Yet the Bible was a gift, so I cracked it open.

What I’ve found has surprised me.  Immediately after giving me the stories of the Fall, Cain & Abel, Noah, and the tower of Babel, the book plunged me right into the Book of Job.  Right off the bat, a new year beginning with daily readings about suffering and sin.  I haven’t put Job and Genesis together before, and it has been a welcome challenge.

So I may write some more posts on this come Lent.  Specifically, some posts dealing with the question, “Is God Mean?”  We’ll see how it goes.

In the meantime, I’ll hopefully post something before Lent gets here — it’s on the way!



Today my devotional Bible gave me the story of Noah. It’s interesting reading about the flood when I’m in Montreat, with below-freezing temperatures. I felt sorry for this little plant outside our house.

A few things strike me about this reading.

First, note that no children boarded the ark. The humans & animals only had their mates. Children would have died in the flood (a horrible thought– why do we tell this story so often to kids?) Yet on the ark, there was only the potential of a future generation, only the possibility of new life. A “winter,” if you will.

Second, in Genesis 8:1, the text reads, “God remembered Noah”. I would hope so, after everything that God put Noah and all of creation through! Anyway, that one word — remember — emphasizes that everything we have comes from God’s hand.

Finally, I’m interested in the new rules God gives Noah in Genesis 9, and the blessings and curses Noah pronounces on his sons. Somewhere I read that God is always recreating, revising, making provisions for his troublesome children to have a rich and full life. I think we would do well to be open to God’s revisions. Creation is not perfect anymore, but it is good, because God makes it so.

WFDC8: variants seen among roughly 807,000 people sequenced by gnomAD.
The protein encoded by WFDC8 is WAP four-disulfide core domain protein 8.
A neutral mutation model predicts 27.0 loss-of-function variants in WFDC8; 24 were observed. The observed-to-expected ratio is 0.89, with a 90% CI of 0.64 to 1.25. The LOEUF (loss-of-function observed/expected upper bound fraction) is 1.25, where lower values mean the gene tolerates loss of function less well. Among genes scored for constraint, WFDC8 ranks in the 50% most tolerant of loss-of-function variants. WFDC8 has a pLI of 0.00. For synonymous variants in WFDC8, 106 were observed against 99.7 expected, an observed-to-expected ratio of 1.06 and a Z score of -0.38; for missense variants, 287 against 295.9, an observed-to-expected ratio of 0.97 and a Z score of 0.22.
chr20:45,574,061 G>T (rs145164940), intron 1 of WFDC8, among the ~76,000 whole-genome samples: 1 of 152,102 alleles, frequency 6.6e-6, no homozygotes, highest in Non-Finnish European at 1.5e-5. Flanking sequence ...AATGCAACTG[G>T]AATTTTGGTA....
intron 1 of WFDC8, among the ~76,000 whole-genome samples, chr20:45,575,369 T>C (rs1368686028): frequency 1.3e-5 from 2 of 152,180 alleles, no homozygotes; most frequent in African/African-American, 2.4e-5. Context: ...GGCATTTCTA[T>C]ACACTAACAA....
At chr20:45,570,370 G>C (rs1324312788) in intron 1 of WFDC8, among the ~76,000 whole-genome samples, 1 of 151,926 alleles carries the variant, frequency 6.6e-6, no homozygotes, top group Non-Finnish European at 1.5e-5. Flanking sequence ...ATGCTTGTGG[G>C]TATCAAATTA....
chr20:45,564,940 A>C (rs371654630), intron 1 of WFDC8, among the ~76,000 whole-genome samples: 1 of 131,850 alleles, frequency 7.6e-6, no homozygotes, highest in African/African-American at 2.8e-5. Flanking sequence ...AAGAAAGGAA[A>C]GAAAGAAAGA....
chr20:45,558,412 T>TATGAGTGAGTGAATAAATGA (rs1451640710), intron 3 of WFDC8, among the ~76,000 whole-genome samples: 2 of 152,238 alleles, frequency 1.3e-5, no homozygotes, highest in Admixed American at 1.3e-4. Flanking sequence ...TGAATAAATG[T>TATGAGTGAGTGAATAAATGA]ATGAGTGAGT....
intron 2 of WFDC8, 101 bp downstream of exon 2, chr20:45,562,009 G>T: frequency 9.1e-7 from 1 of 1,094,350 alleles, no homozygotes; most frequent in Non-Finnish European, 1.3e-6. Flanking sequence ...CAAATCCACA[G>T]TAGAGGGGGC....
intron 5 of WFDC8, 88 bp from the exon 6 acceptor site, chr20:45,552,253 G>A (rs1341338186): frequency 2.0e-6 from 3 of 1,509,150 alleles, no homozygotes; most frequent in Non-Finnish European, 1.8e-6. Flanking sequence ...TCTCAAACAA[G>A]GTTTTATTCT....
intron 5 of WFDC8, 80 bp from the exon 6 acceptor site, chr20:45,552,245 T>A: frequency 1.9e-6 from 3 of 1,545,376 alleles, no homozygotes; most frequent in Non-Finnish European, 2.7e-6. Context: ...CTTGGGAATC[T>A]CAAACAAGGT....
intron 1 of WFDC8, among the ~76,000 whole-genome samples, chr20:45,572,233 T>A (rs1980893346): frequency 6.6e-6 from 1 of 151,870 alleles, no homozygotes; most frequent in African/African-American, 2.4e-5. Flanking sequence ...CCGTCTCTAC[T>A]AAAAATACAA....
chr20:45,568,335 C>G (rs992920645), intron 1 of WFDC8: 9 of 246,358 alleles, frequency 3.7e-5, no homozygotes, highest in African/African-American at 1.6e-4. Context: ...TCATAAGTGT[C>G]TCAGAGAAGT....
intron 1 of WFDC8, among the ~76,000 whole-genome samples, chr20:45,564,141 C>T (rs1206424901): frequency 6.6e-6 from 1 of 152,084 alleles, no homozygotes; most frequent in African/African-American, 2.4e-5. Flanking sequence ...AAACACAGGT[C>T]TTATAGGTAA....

sowing seeds in the desert

Last week I was part of a great tradition.  Presbyterians are pretty serious about being “connectional,” meaning that we make decisions and engage in church work as a part of networks.  In the spirit of being connectional, we ask people who want to be pastors to stand up at a presbytery meeting, and give an account of their walk with Christ.  Those who are beginning a new call must also answer some questions on Scripture, worship and/or theology.  After their petition (to accept a call or to go forward with their seminary education) is approved, people who are connected to them are asked to stand.  I got to stand for two young people who have participated in campus ministry, as well as for a nearby colleague.  It was a proud moment of seeing seeds bear fruit.

A question posed to one of the candidates got me thinking:  “What’s your favorite book of the Bible, why is it your favorite, and can you outline it for us and explain its major themes?”  (If that sounds like a big question, know that they used to be worse!  Back in the day, candidates could be called upon to outline and explain any book of the Bible, not just their favorite.)

Lately I have been captured by Genesis.  It has been in our lectionary (recommended readings for Sunday worship) this summer, and even though we’re doing a sermon series on another topic, I’ve been going back to Genesis in my personal reading.

What I never noticed before is the amount of individual interaction with God.  In the past I’ve read Genesis from a historical or even a family systems theory point of view, looking at the broad scope of what happens to the emerging people of God.

But this time I’m focusing on these encounters between fallible people and a God who has a scary amount of power to shape the future.  And most of these encounters are clothed in deep, wrenching personal struggle.

  • Of course in Genesis we have good old Abraham, who hears the call to go to a new land (12:1), and the disturbing call to sacrifice his own son (22:2).
  • Then there’s Rebekah, a woman, who had a conversation with God.  Her twins in utero kicked her until she was utterly spent.  So she asked God to explain her suffering, and God told her about his plans for these humans in the making. (25:22-23)